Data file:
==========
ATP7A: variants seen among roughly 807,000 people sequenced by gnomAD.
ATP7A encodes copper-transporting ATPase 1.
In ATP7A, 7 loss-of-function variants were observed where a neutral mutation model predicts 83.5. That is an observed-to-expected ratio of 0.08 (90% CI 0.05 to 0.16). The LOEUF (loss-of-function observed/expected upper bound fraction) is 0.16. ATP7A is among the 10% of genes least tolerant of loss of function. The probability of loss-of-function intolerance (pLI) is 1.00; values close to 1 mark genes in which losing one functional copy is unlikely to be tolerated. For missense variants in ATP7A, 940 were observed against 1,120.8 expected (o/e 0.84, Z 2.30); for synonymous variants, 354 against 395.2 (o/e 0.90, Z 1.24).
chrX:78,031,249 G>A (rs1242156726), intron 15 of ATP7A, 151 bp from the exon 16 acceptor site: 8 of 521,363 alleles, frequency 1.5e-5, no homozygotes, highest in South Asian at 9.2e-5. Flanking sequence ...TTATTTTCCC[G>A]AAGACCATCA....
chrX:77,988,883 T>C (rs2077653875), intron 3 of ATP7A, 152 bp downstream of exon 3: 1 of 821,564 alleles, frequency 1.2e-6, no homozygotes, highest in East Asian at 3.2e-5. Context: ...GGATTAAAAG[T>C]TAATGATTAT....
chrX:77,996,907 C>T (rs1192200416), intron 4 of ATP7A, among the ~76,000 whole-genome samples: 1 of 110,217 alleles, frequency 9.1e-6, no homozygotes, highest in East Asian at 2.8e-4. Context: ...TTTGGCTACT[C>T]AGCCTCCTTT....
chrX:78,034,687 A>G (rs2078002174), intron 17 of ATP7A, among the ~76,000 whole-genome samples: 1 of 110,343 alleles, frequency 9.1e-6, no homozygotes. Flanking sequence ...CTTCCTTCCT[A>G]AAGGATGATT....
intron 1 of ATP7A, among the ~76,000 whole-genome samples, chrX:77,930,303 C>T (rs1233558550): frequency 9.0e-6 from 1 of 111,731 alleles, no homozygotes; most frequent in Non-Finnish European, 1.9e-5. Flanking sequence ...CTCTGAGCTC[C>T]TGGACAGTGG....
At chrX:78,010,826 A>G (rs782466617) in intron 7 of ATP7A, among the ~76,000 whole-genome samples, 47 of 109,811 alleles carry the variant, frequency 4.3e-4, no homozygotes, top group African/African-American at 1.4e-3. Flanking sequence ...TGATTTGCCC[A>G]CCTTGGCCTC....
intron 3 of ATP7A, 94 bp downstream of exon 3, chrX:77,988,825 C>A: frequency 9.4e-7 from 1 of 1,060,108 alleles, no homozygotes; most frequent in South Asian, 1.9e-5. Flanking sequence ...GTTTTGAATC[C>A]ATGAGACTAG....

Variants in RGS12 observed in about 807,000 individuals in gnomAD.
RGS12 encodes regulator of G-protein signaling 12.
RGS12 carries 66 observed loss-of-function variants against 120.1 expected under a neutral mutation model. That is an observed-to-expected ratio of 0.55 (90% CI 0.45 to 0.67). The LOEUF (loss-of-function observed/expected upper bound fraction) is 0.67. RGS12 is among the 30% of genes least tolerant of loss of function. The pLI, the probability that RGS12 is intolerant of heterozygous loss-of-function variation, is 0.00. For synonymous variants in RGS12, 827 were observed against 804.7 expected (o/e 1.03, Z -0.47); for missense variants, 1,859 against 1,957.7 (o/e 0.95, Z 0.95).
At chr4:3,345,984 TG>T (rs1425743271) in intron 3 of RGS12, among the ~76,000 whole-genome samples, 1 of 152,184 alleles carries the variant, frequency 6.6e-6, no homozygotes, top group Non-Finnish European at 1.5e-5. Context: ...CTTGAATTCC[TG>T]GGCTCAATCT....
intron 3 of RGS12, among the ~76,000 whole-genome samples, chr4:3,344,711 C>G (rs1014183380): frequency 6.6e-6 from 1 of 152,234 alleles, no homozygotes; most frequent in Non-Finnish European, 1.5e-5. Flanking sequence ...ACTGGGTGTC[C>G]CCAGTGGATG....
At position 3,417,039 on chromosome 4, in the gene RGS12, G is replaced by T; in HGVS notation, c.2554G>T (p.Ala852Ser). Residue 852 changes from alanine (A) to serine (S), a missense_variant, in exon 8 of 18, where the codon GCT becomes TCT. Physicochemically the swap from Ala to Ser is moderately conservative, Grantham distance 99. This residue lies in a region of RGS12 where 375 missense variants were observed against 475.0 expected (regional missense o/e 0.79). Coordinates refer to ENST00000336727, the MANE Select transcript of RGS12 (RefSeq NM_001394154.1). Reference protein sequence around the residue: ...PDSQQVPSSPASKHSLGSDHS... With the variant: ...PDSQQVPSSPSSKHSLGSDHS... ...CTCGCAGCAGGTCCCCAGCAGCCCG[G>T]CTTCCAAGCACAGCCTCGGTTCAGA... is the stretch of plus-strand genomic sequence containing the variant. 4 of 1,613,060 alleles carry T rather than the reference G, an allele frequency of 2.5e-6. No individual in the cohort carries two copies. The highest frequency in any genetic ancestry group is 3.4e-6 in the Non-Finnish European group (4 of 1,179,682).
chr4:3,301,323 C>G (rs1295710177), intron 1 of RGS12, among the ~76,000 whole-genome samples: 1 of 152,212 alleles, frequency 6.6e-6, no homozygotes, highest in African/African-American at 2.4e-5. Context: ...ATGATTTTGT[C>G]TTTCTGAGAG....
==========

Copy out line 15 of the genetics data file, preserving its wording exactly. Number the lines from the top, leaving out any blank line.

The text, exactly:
intron 3 of RGS12, among the ~76,000 whole-genome samples, chr4:3,344,711 C>G (rs1014183380): frequency 6.6e-6 from 1 of 152,234 alleles, no homozygotes; most frequent in Non-Finnish European, 1.5e-5. Flanking sequence ...ACTGGGTGTC[C>G]CCAGTGGATG....